We can still do better


THE Independence festivities have come and gone with Papua New Guinea clocking 46 years of freedom yesterday.
As in past years, wherever people gathered to celebrate, there was a spectacular show of unity in a diversity of colour, song and dance.
Credit should be given especially to schools and colleges where thousands of young Papua New Guineans staged their own events to mark the day.
Most of the young people were not around that Tuesday, Sept 16, 46 years ago, when Australia lowered its flag for the last time and the newly-independent PNG hoisted its own in its place.
But these school children and youth needed no encouragement and nudging to join the older generations mark this day, and in some cases, they took the lead.
In the mood for celebrations, the thousands who attended the many gatherings may have forgotten the speeches delivered on Independence Day, some broadcast over the airwaves.
It was of course no time for any serious reminder of how far we have come and what should be done to see PNG progress to be among the list of emerging economies and democracies.
Yet, there was some very relevant food for thought in some of those addresses.
Prime Minister James Marape paid homage to the founding national father, the Great Grand Chief Sir Michael Thomas Somare, who passed away in February.
Marape paid home homage to the fifth prime minister and first indigenous Finance secretary in Sir Mekere Morauta as well.
“We, the children of today, owe the Somare generation our forever gratitude. Lest we forget. We will always remain grateful to Somare and his generation of leaders,” he said.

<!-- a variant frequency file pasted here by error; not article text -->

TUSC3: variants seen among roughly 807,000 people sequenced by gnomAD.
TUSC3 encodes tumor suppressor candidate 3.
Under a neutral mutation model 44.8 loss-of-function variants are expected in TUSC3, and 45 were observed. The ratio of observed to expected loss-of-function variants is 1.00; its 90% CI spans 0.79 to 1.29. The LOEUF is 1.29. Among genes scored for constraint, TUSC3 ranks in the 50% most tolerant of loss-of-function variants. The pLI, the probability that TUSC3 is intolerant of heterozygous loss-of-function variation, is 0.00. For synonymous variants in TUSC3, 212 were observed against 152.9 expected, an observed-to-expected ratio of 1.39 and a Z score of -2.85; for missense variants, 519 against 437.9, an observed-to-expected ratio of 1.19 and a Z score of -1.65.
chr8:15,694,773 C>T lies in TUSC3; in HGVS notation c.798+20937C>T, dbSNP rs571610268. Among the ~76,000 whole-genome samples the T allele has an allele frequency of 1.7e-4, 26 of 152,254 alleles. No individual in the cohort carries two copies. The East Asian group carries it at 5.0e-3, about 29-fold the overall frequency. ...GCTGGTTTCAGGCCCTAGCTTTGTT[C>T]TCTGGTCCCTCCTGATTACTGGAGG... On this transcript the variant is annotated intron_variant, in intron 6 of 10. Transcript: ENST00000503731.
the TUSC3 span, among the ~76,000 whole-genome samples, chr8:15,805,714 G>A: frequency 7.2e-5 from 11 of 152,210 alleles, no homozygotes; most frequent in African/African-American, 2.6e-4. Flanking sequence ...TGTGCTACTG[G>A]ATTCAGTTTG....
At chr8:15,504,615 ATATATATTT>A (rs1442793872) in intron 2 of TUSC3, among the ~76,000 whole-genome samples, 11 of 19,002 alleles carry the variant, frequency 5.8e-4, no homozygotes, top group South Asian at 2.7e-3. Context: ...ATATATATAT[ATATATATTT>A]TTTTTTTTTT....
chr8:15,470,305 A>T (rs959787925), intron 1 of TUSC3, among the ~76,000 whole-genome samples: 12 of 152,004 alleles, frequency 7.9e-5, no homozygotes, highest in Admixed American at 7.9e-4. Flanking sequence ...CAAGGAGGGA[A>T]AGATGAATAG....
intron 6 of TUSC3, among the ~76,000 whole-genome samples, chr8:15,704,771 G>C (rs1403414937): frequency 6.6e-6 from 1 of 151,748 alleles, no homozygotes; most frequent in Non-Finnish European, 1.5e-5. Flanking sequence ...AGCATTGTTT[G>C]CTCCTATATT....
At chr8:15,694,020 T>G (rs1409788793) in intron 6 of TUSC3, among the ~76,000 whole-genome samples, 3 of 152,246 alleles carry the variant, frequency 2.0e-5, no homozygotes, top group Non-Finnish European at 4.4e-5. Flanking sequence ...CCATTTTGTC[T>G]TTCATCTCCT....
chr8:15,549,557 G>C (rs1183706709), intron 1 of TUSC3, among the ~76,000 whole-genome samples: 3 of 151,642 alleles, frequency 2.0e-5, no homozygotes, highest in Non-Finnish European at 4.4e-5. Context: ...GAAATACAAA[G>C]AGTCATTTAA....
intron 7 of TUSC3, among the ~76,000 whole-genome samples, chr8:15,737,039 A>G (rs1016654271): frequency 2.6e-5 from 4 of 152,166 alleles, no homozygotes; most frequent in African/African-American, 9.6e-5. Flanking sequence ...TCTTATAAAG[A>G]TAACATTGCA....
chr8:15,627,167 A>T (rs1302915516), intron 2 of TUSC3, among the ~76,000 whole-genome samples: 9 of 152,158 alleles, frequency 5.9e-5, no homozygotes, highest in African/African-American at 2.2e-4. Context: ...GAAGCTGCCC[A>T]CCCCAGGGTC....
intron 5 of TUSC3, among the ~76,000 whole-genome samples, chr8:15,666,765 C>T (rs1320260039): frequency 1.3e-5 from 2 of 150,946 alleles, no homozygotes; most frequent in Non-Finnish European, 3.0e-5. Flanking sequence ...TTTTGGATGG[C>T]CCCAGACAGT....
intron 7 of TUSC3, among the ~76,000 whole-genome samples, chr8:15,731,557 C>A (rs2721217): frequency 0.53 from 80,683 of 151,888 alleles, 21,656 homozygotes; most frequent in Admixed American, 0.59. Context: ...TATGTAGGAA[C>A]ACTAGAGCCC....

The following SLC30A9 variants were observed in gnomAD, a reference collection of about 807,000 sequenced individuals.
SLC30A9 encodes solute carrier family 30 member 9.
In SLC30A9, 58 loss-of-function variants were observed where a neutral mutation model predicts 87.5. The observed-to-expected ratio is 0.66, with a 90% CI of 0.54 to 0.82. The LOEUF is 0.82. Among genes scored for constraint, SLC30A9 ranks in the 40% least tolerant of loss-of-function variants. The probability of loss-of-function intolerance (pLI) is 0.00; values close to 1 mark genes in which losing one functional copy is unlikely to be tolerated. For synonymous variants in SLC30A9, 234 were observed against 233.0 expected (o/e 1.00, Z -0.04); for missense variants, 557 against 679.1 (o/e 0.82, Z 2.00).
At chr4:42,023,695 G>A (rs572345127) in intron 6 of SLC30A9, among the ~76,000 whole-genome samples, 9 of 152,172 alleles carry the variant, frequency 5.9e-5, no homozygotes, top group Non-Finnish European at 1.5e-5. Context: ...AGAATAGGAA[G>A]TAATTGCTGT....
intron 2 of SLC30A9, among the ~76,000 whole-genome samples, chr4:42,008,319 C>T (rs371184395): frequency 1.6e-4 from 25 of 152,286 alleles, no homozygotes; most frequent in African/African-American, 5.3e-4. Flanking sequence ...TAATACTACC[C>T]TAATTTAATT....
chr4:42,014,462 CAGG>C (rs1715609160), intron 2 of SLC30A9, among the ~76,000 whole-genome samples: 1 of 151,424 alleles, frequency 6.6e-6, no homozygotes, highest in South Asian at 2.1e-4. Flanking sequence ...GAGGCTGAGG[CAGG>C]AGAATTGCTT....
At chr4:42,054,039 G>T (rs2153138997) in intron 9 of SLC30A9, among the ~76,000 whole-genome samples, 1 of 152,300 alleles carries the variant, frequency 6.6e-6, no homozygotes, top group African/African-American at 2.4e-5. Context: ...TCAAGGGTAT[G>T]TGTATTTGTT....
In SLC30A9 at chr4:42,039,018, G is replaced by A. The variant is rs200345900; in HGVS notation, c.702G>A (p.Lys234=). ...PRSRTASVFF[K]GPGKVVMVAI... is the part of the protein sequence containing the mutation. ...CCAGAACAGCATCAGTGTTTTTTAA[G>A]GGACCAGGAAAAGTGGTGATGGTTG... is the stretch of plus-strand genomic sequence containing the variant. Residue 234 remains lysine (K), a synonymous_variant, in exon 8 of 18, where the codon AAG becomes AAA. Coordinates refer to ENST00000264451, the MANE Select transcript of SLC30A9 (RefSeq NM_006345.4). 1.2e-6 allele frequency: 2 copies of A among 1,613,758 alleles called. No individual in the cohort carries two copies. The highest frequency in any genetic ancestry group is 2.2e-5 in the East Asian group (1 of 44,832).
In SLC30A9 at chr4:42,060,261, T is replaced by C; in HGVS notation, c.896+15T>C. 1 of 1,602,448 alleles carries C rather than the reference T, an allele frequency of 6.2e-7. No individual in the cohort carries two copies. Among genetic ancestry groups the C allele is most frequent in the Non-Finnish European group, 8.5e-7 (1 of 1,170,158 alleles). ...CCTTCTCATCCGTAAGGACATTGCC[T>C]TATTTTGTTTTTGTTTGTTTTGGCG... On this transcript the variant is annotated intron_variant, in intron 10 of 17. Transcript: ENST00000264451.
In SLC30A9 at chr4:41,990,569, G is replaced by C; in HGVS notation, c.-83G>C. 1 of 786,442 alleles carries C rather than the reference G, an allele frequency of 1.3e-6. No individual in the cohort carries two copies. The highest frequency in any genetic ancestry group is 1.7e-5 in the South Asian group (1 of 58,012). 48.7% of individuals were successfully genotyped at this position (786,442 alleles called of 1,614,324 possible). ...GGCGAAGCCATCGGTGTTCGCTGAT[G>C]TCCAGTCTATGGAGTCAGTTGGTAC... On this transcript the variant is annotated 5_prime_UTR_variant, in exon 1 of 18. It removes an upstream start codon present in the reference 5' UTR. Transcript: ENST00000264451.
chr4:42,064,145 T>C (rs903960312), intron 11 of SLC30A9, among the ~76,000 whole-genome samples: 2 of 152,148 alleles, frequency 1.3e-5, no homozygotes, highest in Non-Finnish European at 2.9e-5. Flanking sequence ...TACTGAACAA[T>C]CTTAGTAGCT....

Marape urged Papua New Guineans to respect each other.
In Bougainville, President Ishmael Toroama observed the country’s Independence as he paid tribute to Sir Michael, but at the same time, remembered the friendships forged between the Bougainville leaders and Sir Michael.
In Imbonggu, local MP and Inter-Government Relations Minister Pila Niningi hosted his district’s second show and proudly told of how the people of Imbonggu and Southern Highlands were privileged to have the country’s first prime minister, Sir Michael Somare at the first show in 2019.
The sea of red black and gold on Independence Day and the few days prior and after was a great sight to behold.
It evoked fresh floods of emotive national pride.
It would have been a nice patriotic feeling to wear a good quality shirt or cap made from imported material but designed, sewn, printed or embroidered right here in PNG.
Yet, almost all of the Independence paraphernalia was manufactured elsewhere.
Small point that may be, but it eloquently underlines a big dream – that of economic independence.
The thousands of men, women and especially children in the national colours was a sight to behold and to be proud of for being born Papua New Guinean.
And, if you did the mathematics, it would have been a lucrative business in those few days leading up to the big day all fed by a pervading sense of national pride.
Someone other than a Papua New Guinean may have had the loudest laugh, not that the money grew wings and disappeared instead of keeping Papua New Guineans employed.
It’s been 46 years and we have not gotten some basic things right when other nations had made remarkable achievements when at our age.
Maybe we should have a better story to tell on Independence Day next year.